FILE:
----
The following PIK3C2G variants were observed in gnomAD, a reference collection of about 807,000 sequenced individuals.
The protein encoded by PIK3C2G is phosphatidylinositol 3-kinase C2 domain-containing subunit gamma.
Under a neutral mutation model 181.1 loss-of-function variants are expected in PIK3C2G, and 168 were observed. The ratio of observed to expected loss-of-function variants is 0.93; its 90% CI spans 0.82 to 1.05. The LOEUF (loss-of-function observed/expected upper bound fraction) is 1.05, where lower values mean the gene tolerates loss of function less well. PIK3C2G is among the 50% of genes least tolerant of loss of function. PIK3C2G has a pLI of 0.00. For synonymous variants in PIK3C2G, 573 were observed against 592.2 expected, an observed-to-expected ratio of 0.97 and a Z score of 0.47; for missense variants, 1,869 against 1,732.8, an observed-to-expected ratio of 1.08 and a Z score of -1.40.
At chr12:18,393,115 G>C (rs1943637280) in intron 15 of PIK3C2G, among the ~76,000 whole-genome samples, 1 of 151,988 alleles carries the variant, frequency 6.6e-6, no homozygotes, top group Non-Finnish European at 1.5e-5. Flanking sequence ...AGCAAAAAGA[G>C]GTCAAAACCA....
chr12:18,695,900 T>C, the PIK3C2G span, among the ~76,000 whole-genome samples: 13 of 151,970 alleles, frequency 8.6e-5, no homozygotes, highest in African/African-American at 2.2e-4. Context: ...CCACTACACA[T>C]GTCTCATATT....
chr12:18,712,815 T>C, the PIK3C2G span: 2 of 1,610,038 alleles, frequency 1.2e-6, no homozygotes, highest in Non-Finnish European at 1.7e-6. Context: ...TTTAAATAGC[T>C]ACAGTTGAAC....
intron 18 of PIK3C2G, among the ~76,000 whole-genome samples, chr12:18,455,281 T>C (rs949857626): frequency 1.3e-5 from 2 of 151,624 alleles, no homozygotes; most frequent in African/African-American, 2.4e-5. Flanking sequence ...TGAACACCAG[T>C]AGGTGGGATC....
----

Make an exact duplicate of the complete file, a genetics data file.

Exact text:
The following PIK3C2G variants were observed in gnomAD, a reference collection of about 807,000 sequenced individuals.
The protein encoded by PIK3C2G is phosphatidylinositol 3-kinase C2 domain-containing subunit gamma.
Under a neutral mutation model 181.1 loss-of-function variants are expected in PIK3C2G, and 168 were observed. The ratio of observed to expected loss-of-function variants is 0.93; its 90% CI spans 0.82 to 1.05. The LOEUF (loss-of-function observed/expected upper bound fraction) is 1.05, where lower values mean the gene tolerates loss of function less well. PIK3C2G is among the 50% of genes least tolerant of loss of function. PIK3C2G has a pLI of 0.00. For synonymous variants in PIK3C2G, 573 were observed against 592.2 expected, an observed-to-expected ratio of 0.97 and a Z score of 0.47; for missense variants, 1,869 against 1,732.8, an observed-to-expected ratio of 1.08 and a Z score of -1.40.
At chr12:18,393,115 G>C (rs1943637280) in intron 15 of PIK3C2G, among the ~76,000 whole-genome samples, 1 of 151,988 alleles carries the variant, frequency 6.6e-6, no homozygotes, top group Non-Finnish European at 1.5e-5. Flanking sequence ...AGCAAAAAGA[G>C]GTCAAAACCA....
chr12:18,695,900 T>C, the PIK3C2G span, among the ~76,000 whole-genome samples: 13 of 151,970 alleles, frequency 8.6e-5, no homozygotes, highest in African/African-American at 2.2e-4. Context: ...CCACTACACA[T>C]GTCTCATATT....
chr12:18,712,815 T>C, the PIK3C2G span: 2 of 1,610,038 alleles, frequency 1.2e-6, no homozygotes, highest in Non-Finnish European at 1.7e-6. Context: ...TTTAAATAGC[T>C]ACAGTTGAAC....
intron 18 of PIK3C2G, among the ~76,000 whole-genome samples, chr12:18,455,281 T>C (rs949857626): frequency 1.3e-5 from 2 of 151,624 alleles, no homozygotes; most frequent in African/African-American, 2.4e-5. Flanking sequence ...TGAACACCAG[T>C]AGGTGGGATC....